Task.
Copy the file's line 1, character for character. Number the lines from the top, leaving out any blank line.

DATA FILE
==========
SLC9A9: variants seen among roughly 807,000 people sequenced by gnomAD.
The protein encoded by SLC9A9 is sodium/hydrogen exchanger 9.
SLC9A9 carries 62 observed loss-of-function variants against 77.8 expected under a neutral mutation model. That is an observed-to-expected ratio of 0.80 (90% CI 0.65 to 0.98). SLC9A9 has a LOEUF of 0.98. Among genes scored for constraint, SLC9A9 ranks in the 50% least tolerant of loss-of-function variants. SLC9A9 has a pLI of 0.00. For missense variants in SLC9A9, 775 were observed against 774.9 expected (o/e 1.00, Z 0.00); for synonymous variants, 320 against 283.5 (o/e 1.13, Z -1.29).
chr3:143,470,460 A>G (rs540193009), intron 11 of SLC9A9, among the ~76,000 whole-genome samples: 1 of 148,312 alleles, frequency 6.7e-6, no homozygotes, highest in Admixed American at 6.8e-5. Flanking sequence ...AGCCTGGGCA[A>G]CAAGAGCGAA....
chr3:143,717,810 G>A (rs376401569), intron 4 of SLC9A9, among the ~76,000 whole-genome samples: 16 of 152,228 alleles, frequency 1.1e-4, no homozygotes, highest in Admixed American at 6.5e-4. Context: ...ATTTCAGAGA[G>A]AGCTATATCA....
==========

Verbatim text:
SLC9A9: variants seen among roughly 807,000 people sequenced by gnomAD.